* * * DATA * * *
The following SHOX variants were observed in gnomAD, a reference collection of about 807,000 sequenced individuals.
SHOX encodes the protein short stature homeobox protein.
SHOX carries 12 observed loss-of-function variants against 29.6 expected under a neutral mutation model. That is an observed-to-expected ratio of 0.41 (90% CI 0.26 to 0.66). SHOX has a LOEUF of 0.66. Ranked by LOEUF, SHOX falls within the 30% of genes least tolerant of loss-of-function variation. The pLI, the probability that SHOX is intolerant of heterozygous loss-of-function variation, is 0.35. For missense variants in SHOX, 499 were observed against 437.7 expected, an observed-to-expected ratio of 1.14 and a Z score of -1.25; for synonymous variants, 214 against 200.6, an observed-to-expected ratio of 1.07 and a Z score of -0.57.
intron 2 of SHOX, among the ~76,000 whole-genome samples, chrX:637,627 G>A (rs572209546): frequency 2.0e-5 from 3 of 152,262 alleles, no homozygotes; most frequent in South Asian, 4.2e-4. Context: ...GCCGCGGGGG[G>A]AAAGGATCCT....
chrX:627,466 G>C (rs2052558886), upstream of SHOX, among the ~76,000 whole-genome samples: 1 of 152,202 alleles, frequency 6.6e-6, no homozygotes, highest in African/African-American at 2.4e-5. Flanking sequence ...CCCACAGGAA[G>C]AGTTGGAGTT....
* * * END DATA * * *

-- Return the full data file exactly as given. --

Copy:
The following SHOX variants were observed in gnomAD, a reference collection of about 807,000 sequenced individuals.
SHOX encodes the protein short stature homeobox protein.
SHOX carries 12 observed loss-of-function variants against 29.6 expected under a neutral mutation model. That is an observed-to-expected ratio of 0.41 (90% CI 0.26 to 0.66). SHOX has a LOEUF of 0.66. Ranked by LOEUF, SHOX falls within the 30% of genes least tolerant of loss-of-function variation. The pLI, the probability that SHOX is intolerant of heterozygous loss-of-function variation, is 0.35. For missense variants in SHOX, 499 were observed against 437.7 expected, an observed-to-expected ratio of 1.14 and a Z score of -1.25; for synonymous variants, 214 against 200.6, an observed-to-expected ratio of 1.07 and a Z score of -0.57.
intron 2 of SHOX, among the ~76,000 whole-genome samples, chrX:637,627 G>A (rs572209546): frequency 2.0e-5 from 3 of 152,262 alleles, no homozygotes; most frequent in South Asian, 4.2e-4. Context: ...GCCGCGGGGG[G>A]AAAGGATCCT....
chrX:627,466 G>C (rs2052558886), upstream of SHOX, among the ~76,000 whole-genome samples: 1 of 152,202 alleles, frequency 6.6e-6, no homozygotes, highest in African/African-American at 2.4e-5. Flanking sequence ...CCCACAGGAA[G>C]AGTTGGAGTT....